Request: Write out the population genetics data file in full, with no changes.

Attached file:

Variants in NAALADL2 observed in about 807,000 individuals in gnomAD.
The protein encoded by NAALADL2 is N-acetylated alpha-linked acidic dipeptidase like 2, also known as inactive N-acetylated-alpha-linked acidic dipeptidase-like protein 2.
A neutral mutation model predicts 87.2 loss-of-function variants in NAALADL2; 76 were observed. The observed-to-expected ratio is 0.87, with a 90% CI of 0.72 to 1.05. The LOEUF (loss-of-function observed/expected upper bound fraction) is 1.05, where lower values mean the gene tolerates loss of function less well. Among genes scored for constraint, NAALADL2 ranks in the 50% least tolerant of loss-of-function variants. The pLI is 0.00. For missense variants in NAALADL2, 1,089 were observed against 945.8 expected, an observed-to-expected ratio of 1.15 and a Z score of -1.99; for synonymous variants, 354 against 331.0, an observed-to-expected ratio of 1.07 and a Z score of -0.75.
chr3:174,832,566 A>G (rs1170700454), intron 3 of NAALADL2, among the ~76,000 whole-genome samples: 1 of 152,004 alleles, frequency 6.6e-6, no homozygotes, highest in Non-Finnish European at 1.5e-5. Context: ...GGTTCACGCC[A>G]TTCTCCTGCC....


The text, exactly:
Variants in NAALADL2 observed in about 807,000 individuals in gnomAD.
The protein encoded by NAALADL2 is N-acetylated alpha-linked acidic dipeptidase like 2, also known as inactive N-acetylated-alpha-linked acidic dipeptidase-like protein 2.
A neutral mutation model predicts 87.2 loss-of-function variants in NAALADL2; 76 were observed. The observed-to-expected ratio is 0.87, with a 90% CI of 0.72 to 1.05. The LOEUF (loss-of-function observed/expected upper bound fraction) is 1.05, where lower values mean the gene tolerates loss of function less well. Among genes scored for constraint, NAALADL2 ranks in the 50% least tolerant of loss-of-function variants. The pLI is 0.00. For missense variants in NAALADL2, 1,089 were observed against 945.8 expected, an observed-to-expected ratio of 1.15 and a Z score of -1.99; for synonymous variants, 354 against 331.0, an observed-to-expected ratio of 1.07 and a Z score of -0.75.
chr3:174,832,566 A>G (rs1170700454), intron 3 of NAALADL2, among the ~76,000 whole-genome samples: 1 of 152,004 alleles, frequency 6.6e-6, no homozygotes, highest in Non-Finnish European at 1.5e-5. Context: ...GGTTCACGCC[A>G]TTCTCCTGCC....